Can Microsoft Beat IBM In AI And Amazon In Cloud?

| About: Microsoft Corporation (MSFT)

Summary

Microsoft's Azure AI supercomputer is the next big thing in the world of tech, specifically artificial intelligence.

In building out the Azure AI supercomputer, Microsoft is altering many existing equations in the world of tech in a small but significant way.

Challenging IBM's AI expertise is the most significant change among those existing equations.

Amazon's cloud IaaS leadership will be threatened too, although that was already in the cards. The time frame has been shortened.

Microsoft (NASDAQ:MSFT) is building out Azure as the first artificial intelligence (AI) supercomputer, the company's CEO, Satya Nadella, said at an event in Dublin. Microsoft's existing Azure tools for machine learning (ML) and cognitive computing will see massive adoption due to the company's foray into making the AI supercomputer.

This initiative has the potential to empower Microsoft to challenge even IBM's (NYSE:IBM) AI expertise by posing a significant threat to the latter's cognitive computing platform Watson and business intelligence (BI) platform Cognos. With currently being the number 2 player in the cloud IaaS (Infrastructure-as-a-Service) market following Amazon's (NASDAQ:AMZN) AWS, Microsoft can become one of the leading AI players alongside IBM (or might even surpass IBM). At the same time, the software giant can become the number 1 cloud IaaS player, displacing AWS in a shorter span of time than earlier expected. Why? This is an interesting topic indeed. In this article, I will share my views regarding the topic.

Microsoft's AI Supercomputing Foray: A Really Brave Step

Making Azure an AI supercomputer is a great idea, although how far it's commercially viable isn't known yet. However, after listening to Mr. Nadella's keynote speech in Dublin about how the Azure AI supercomputing momentum is taking shape, I'm convinced that the idea is commercially viable to a significant extent.

The question of commercial viability arises because Microsoft's initiative is based on expanding the scope of personal computing beyond the realm of PCs, which is a market with flat growth. The software giant wants to take the personal computing market away from PCs to mobile and IoT devices which will be AI-ready and connected via cloud. In the "mobile first - cloud first" world, Microsoft will bring a digital transformation by creating new personal computing opportunities via making the cloud platform more sophisticated and thereby boosting the productivity of businesses. The company has formed the Microsoft AI and Research Group for this purpose. Mr. Nadella said:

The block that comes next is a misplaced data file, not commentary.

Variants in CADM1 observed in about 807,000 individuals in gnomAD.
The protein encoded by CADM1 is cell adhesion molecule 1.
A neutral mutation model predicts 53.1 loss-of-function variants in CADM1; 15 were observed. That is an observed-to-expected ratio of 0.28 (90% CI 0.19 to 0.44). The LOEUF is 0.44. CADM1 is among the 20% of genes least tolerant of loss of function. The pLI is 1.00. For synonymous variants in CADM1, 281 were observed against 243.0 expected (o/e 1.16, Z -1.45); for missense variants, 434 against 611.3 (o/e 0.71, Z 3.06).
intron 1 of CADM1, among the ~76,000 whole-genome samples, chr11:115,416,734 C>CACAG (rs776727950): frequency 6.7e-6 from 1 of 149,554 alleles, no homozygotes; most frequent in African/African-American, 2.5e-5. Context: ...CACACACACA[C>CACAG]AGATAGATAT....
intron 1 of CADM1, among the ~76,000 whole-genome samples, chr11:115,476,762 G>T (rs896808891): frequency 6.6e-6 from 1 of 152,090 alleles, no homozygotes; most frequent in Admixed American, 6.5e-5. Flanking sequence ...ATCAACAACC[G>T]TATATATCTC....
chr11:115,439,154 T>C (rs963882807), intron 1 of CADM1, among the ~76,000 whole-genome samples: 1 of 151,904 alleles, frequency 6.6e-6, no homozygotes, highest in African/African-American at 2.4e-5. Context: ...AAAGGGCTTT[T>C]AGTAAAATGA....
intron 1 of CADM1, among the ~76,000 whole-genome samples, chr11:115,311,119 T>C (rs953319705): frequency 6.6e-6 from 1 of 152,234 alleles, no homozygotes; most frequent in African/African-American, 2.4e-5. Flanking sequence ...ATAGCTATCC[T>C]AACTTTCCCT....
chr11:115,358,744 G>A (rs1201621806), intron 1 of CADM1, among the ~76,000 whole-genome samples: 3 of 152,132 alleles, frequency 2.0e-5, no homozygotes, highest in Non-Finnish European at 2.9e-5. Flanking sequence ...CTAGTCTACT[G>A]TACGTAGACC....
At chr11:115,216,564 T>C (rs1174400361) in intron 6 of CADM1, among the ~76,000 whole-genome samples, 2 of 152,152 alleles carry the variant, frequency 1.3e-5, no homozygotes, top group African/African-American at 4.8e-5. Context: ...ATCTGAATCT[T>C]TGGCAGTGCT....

At Microsoft, we are focused on empowering both people and organizations by democratizing access to intelligence to help solve our most pressing challenges. To do this, we are infusing AI into everything we deliver across our computing platforms and experiences.

Why Azure AI/ML APIs Will See Massive Adoption?

Microsoft's cognitive services APIs including APIs for vision, speech, language, knowledge and search, and ML APIs including text analytics, key phase extraction, language and topic detection etc. will witness rising demand from the enterprise customers once the company's Azure AI supercomputer comes to the marketplace. In contrast, IBM's AI tools mentioned above might not see the same sort of demand. Why? Because Microsoft will enjoy certain competitive advantages over IBM when its AI supercomputer will be available for commercial use.

According to Mr. Nadella, the company is making its cloud business model flexible enough so that it can address the following issues:

  • Global Reach: The company is building a global hyperscale cloud infrastructure in order to cover almost the entire world under its cloud network via utilizing its datacenter presence in more than 30 regions across the globe.
  • Digital Sovereignty: Microsoft will ensure that digital sovereignty needs and other compliance issues in various counties are properly addressed so that expanding its cloud network doesn't face unnecessary hindrances.
  • Big Data Support: When IoT will go mainstream, a huge amount of data will be generated. The software major is building a distributed computing fabric (more about this later). This will help it offer customers a flexible hybrid cloud model via Azure and Azure Stack for supporting enormous amount of data.